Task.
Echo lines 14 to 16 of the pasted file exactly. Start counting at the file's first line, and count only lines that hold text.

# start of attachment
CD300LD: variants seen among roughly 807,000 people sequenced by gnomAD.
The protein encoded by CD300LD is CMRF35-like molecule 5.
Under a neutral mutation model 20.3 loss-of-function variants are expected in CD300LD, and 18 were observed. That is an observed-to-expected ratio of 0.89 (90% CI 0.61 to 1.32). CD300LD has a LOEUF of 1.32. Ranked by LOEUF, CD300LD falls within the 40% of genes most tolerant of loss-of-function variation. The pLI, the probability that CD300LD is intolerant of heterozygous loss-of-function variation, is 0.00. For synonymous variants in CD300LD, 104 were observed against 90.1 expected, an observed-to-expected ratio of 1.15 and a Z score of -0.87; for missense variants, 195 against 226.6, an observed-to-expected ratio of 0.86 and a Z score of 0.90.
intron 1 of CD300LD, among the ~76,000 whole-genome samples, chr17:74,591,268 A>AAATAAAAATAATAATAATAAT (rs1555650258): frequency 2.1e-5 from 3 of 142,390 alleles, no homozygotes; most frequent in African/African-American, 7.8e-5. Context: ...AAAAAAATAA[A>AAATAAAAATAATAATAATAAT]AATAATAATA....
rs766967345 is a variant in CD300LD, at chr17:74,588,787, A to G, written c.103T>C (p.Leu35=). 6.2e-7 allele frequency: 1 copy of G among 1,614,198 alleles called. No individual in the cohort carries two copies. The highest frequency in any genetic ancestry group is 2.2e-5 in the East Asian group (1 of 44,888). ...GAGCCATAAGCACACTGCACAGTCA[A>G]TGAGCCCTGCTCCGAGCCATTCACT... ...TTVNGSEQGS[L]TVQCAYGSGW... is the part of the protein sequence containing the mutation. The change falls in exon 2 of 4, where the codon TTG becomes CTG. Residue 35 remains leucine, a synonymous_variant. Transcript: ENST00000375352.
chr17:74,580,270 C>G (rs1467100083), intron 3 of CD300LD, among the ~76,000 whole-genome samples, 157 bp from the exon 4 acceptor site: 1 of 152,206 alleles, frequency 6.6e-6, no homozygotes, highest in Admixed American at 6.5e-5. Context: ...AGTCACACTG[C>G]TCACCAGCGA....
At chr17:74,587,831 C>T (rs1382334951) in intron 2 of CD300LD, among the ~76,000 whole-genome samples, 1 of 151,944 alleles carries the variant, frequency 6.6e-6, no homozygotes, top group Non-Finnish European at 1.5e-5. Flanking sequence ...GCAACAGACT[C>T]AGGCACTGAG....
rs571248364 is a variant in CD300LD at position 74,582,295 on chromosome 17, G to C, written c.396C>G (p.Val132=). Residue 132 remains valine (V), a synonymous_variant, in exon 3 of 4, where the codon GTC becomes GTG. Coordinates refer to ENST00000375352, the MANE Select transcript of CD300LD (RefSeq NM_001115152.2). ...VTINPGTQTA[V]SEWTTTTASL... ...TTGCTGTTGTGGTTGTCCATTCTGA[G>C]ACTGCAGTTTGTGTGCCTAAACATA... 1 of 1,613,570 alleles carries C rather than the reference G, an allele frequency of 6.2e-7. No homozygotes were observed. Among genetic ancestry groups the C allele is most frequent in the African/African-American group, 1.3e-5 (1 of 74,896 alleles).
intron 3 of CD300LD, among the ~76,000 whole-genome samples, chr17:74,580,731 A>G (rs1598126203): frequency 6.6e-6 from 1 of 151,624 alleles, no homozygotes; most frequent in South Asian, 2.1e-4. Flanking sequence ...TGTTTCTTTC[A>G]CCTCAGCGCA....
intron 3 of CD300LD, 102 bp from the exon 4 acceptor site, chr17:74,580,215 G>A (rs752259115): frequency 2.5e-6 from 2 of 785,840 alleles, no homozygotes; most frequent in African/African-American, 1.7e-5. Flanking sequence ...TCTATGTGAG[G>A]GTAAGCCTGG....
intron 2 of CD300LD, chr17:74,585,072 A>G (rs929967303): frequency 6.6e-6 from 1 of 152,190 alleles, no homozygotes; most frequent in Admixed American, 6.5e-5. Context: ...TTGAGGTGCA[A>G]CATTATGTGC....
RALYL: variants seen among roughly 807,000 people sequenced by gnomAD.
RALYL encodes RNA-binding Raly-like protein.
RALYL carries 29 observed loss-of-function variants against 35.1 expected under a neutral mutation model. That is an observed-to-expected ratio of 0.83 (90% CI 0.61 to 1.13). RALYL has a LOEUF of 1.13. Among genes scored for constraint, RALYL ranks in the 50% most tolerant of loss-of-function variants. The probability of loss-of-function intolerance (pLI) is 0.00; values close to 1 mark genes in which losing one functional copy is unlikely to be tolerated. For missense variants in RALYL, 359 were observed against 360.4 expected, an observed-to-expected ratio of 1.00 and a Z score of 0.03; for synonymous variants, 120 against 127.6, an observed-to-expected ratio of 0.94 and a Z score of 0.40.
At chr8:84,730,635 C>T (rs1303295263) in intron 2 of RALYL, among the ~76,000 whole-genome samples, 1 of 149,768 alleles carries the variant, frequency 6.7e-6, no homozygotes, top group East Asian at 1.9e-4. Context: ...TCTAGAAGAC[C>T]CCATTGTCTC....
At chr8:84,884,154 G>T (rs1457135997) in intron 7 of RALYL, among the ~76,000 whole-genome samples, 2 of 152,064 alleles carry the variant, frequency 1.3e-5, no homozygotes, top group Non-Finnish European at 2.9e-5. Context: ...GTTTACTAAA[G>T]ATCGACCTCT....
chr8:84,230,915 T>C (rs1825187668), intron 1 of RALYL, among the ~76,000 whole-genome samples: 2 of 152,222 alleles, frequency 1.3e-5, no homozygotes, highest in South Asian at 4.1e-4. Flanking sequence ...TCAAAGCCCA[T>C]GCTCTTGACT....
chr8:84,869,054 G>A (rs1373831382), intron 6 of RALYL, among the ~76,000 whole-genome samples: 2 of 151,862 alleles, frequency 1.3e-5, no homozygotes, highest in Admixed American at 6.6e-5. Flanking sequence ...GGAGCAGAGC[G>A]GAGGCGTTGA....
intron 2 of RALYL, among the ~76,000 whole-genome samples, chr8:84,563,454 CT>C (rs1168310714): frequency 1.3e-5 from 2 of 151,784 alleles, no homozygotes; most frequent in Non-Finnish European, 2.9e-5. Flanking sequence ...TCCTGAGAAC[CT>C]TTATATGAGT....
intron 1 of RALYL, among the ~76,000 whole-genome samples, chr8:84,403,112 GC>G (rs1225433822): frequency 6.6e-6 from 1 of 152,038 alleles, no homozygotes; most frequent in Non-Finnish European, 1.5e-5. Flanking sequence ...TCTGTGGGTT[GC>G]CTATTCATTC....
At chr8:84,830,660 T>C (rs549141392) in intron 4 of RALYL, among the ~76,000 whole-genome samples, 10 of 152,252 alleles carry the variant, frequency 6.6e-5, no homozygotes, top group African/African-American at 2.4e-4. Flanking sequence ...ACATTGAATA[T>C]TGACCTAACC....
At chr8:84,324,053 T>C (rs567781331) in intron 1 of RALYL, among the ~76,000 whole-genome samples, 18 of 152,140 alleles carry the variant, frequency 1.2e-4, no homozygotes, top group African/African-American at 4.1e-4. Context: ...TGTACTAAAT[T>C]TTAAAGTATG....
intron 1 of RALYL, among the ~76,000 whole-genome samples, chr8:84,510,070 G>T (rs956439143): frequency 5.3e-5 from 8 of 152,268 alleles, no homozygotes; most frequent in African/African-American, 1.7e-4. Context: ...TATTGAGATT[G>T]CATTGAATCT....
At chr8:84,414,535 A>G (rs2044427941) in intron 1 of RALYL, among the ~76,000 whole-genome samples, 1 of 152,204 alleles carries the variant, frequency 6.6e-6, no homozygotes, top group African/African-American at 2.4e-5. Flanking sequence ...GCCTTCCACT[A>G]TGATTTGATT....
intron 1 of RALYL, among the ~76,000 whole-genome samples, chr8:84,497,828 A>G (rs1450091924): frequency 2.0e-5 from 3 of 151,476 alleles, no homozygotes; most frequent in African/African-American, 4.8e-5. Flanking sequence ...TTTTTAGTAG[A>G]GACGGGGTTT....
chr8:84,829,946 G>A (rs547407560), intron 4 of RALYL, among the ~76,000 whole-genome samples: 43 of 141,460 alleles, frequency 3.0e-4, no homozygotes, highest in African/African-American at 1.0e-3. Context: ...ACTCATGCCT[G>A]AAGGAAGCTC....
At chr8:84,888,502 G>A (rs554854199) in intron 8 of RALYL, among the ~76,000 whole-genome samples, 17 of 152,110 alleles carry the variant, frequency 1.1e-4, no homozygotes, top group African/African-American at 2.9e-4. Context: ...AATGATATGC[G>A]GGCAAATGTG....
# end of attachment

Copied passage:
RALYL carries 29 observed loss-of-function variants against 35.1 expected under a neutral mutation model. That is an observed-to-expected ratio of 0.83 (90% CI 0.61 to 1.13). RALYL has a LOEUF of 1.13. Among genes scored for constraint, RALYL ranks in the 50% most tolerant of loss-of-function variants. The probability of loss-of-function intolerance (pLI) is 0.00; values close to 1 mark genes in which losing one functional copy is unlikely to be tolerated. For missense variants in RALYL, 359 were observed against 360.4 expected, an observed-to-expected ratio of 1.00 and a Z score of 0.03; for synonymous variants, 120 against 127.6, an observed-to-expected ratio of 0.94 and a Z score of 0.40.
At chr8:84,730,635 C>T (rs1303295263) in intron 2 of RALYL, among the ~76,000 whole-genome samples, 1 of 149,768 alleles carries the variant, frequency 6.7e-6, no homozygotes, top group East Asian at 1.9e-4. Context: ...TCTAGAAGAC[C>T]CCATTGTCTC....
At chr8:84,884,154 G>T (rs1457135997) in intron 7 of RALYL, among the ~76,000 whole-genome samples, 2 of 152,064 alleles carry the variant, frequency 1.3e-5, no homozygotes, top group Non-Finnish European at 2.9e-5. Context: ...GTTTACTAAA[G>T]ATCGACCTCT....